Again, mild solvent is the carrier liquid for the pigments. The UV inks lie on the surface of the media or blank, before a UV lamp goes over the printed area to cure or dry the inks. You’re able to build up the ink layer and create a variety of textures on either rolled material or flat material. The output is dry and can have a glossy, satin or matte finish, depending upon the UV lamp and curing process. This printing technology is good for signage, promotional products and even fine art.

Dye Sublimation

Water is the carrier liquid for dyes in this process. You print onto a transfer paper, the output mirrored and looking dull and unimpressive at this stage. Sublimation takes place at the heat press, where the inks are transferred from the paper onto a polyester fabric or polyester-coated rigid substrate. At 400°F (204°C), the solid inks from the paper turn into gas and penetrate the polyester – this is when the colours bloom and become vibrant. Dye sublimation is ideal for textiles such as apparel or soft signage, but it’s also used for promotional items, décor and metal photo panels.

Pigment

This type of ink, where water is the carrier liquid for the pigments, is used in Roland DGA‘s compact direct-to-garment (DTG) printer, the VersaSTUDIO BT-12. Just like with UV, the inks lie on top of the surface of the fabric, typically cotton-based products. Colours are vibrant, but the inks still need to be cured, which is done on the heat press. Unlike dye sublimation, the inks do not penetrate the fibres, but are cured on the surface.

To learn more about Roland DGA inks, printers, and applications, visit https://www.rolanddga.com/

About the author: Lily Hunter currently serves as Product Manager, Textiles and Consumable Supplies for Irvine, California-based Roland DGA, where she manages Roland’s textile and dye-sublimation printer portfolio, as well as the company’s media product line. Prior to joining Roland DGA in 2013, Hunter held various sales support and product management positions over a 14-year period with Arlon Graphics.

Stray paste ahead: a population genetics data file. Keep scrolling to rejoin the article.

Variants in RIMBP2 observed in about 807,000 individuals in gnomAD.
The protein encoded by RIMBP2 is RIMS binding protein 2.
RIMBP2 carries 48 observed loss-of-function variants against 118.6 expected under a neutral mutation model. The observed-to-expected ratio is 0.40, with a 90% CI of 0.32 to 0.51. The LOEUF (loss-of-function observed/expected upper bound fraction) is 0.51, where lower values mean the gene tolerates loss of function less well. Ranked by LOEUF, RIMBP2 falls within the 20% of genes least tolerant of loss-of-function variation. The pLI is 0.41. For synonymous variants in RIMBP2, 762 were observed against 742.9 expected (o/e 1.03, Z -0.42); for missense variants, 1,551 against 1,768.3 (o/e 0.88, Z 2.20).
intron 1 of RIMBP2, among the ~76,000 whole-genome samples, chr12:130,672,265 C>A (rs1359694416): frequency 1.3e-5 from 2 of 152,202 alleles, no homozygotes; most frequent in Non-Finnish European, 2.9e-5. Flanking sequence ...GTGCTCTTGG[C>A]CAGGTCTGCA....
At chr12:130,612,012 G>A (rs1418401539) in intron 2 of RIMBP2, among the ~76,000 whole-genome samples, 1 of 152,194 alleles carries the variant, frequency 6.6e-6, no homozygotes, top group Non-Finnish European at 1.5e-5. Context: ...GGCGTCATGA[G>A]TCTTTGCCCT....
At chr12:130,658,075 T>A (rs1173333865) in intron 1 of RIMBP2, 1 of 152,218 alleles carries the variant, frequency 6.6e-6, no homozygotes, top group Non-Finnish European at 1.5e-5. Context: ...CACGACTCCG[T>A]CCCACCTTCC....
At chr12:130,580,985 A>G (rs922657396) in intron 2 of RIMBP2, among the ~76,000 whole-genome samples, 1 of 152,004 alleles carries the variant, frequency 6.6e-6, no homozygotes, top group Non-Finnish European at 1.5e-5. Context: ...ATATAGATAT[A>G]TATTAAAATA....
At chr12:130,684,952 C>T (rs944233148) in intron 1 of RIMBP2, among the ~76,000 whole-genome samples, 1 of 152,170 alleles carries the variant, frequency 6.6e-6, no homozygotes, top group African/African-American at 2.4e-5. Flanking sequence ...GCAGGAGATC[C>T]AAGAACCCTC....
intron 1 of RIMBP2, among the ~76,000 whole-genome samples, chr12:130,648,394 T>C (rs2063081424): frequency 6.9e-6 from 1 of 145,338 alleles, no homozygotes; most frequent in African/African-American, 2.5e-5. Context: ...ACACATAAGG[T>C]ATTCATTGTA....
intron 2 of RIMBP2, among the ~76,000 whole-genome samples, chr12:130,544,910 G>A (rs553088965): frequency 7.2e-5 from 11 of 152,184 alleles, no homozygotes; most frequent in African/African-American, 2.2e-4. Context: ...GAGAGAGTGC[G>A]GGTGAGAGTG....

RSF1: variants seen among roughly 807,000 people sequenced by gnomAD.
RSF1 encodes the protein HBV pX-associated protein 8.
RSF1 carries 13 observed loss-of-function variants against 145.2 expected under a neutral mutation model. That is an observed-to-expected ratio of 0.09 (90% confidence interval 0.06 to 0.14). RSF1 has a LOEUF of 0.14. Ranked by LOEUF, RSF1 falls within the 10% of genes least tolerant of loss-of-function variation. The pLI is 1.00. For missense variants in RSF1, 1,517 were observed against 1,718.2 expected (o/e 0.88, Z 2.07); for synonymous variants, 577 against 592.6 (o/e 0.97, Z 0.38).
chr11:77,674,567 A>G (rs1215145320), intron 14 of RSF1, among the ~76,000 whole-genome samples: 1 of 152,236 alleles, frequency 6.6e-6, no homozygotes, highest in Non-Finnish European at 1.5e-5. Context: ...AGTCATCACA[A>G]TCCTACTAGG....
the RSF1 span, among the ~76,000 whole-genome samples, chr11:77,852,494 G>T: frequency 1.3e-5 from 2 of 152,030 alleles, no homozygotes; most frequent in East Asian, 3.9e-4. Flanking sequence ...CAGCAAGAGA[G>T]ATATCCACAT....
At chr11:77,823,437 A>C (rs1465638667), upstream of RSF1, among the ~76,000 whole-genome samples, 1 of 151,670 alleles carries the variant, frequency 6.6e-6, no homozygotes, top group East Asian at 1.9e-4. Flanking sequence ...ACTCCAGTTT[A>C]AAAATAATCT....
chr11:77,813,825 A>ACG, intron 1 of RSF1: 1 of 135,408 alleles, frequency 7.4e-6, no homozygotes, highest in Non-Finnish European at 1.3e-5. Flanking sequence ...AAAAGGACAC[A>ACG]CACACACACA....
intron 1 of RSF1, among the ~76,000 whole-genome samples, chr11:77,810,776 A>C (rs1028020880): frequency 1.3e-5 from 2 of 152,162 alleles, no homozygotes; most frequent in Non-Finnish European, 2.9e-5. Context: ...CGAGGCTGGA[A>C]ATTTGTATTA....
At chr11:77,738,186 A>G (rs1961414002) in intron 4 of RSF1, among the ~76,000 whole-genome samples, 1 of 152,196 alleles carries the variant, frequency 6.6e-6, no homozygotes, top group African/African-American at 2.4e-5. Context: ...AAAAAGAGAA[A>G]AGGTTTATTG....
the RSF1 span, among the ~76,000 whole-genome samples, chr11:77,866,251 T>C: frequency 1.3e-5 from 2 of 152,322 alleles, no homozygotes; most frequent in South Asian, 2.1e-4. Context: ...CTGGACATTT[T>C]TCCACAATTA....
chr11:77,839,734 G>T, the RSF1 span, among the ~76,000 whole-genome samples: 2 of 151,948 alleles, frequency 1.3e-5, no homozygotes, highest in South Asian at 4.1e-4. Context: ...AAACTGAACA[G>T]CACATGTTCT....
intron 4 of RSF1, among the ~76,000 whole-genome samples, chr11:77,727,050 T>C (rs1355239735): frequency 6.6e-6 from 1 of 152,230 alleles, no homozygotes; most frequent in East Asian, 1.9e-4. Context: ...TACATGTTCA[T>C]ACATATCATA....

About Drytac ICC Profiles:

Drytac understands that media profiling is key to the success of any of its products; having access to thousands of profiles for materials on a wide range of different printers is paramount. By working in tandem with hardware manufacturers, Drytac creates easy access to profiles.

Drytac also has the in-house capability to provide custom profiles as required for its customers for any specialist application, to maximise the colour output. More information can be found here.

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Fujifilm: How to formulate ink adhesion

Understanding how print media and ink technology work is key

The media that Drytac manufactures is part of a larger solution; before any graphics application can be delivered, it needs to be printed and finished.

Understanding how materials work with specific print and ink technologies is a key foundation of the company’s product development.

Drytac maintains a close relationship with hardware and ink manufactures to ensure its products achieve the best results. As part of this close collaboration, Drytac has launched a series of ink blogs written by some of these leading businesses.

In the brief blog that follows, Andrew Berritt (right) from Fujifilm explains a bit more about ink adhesion.

How to formulate ink adhesion

Authored by Andrew Berritt, Marketing Manager at Fujifilm.

To formulate ink adhesion, we should first look at surface tension and energy. The first step is the initial interaction between ink and media, which is driven by the ink’s surface tension and the surface energy of the media. In general terms, the ink needs to have a lower surface tension than the energy of the media to be able to ‘wet’ the substrate. Without this, the ink would reticulate and mottle – basically the effect you’d see with water on glass.

On the other side of the spectrum is if the surface tension is ‘too low’ versus the energy of the media, which would cause the ink to spread too greatly. In this case you would see a lot of bleed and lose definition. This balance is how you can maximise clarity and drop spread before curing the ink.

 

The second phase is adhesion. Now the ink is on the media, how it ‘sticks’ and can be designed to stick varies dependent on the media. If we take PVC, the media can be chemically altered by the ink to create swelling and penetration into the surface (how solvent inks always work).

This is your ideal form of adhesion as the ink film becomes an integral part of the media. This isn’t possible with inert surfaces such as polypropylene and polystyrene so other technologies need to be adopted. You can improve the surface wetting, reduce polymerisation shrinkage to maintain the touch points and also match up the polarity in the inks so they attract one another from a polar perspective.

About Drytac ICC Profiles:

Drytac understands that media profiling is key to the success of any of its products; having access to thousands of profiles for materials on a wide range of different printers is paramount. By working in tandem with hardware manufacturers, Drytac creates easy access to profiles.